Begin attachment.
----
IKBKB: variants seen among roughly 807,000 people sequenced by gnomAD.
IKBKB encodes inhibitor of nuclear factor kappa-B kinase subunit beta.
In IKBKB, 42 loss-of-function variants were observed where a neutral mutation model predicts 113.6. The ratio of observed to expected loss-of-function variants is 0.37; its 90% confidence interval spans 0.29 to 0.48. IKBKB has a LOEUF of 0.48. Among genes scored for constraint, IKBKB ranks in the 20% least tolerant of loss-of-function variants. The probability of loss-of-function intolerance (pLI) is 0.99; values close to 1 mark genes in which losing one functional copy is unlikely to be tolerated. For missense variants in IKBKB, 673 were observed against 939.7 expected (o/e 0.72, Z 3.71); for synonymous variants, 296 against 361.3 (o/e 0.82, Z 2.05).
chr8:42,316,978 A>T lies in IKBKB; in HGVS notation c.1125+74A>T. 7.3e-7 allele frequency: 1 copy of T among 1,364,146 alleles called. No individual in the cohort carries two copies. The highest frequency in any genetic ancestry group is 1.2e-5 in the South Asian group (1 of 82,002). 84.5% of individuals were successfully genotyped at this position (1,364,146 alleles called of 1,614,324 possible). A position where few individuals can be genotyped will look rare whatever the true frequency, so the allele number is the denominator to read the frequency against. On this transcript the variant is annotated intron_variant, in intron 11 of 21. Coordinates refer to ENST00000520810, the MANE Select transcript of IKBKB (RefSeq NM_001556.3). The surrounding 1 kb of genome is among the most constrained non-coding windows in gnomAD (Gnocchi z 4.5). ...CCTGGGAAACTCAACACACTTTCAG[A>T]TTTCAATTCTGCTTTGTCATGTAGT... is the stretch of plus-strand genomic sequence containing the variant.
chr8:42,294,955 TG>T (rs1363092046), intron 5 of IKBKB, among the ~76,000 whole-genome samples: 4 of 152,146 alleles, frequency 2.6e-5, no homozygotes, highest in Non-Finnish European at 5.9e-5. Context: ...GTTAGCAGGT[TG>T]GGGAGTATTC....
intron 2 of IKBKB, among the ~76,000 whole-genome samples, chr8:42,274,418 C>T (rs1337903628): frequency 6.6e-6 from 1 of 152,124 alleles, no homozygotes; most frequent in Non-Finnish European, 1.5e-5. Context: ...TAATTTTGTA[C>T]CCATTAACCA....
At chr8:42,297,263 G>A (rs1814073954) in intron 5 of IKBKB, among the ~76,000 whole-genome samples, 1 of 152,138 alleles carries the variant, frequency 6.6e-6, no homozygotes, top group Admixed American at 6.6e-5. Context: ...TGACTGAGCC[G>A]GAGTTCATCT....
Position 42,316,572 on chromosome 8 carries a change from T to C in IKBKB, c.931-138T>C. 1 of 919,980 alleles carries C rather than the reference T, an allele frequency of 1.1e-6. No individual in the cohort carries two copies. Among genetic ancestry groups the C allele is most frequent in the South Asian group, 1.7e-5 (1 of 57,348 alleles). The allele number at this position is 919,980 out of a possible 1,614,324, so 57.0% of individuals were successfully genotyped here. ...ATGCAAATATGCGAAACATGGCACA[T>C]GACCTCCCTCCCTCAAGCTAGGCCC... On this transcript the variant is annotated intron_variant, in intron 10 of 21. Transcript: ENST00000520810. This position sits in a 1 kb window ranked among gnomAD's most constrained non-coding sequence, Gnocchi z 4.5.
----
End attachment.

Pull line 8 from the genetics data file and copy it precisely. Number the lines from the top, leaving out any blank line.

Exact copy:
Position 42,316,572 on chromosome 8 carries a change from T to C in IKBKB, c.931-138T>C. 1 of 919,980 alleles carries C rather than the reference T, an allele frequency of 1.1e-6. No individual in the cohort carries two copies. Among genetic ancestry groups the C allele is most frequent in the South Asian group, 1.7e-5 (1 of 57,348 alleles). The allele number at this position is 919,980 out of a possible 1,614,324, so 57.0% of individuals were successfully genotyped here. ...ATGCAAATATGCGAAACATGGCACA[T>C]GACCTCCCTCCCTCAAGCTAGGCCC... On this transcript the variant is annotated intron_variant, in intron 10 of 21. Transcript: ENST00000520810. This position sits in a 1 kb window ranked among gnomAD's most constrained non-coding sequence, Gnocchi z 4.5.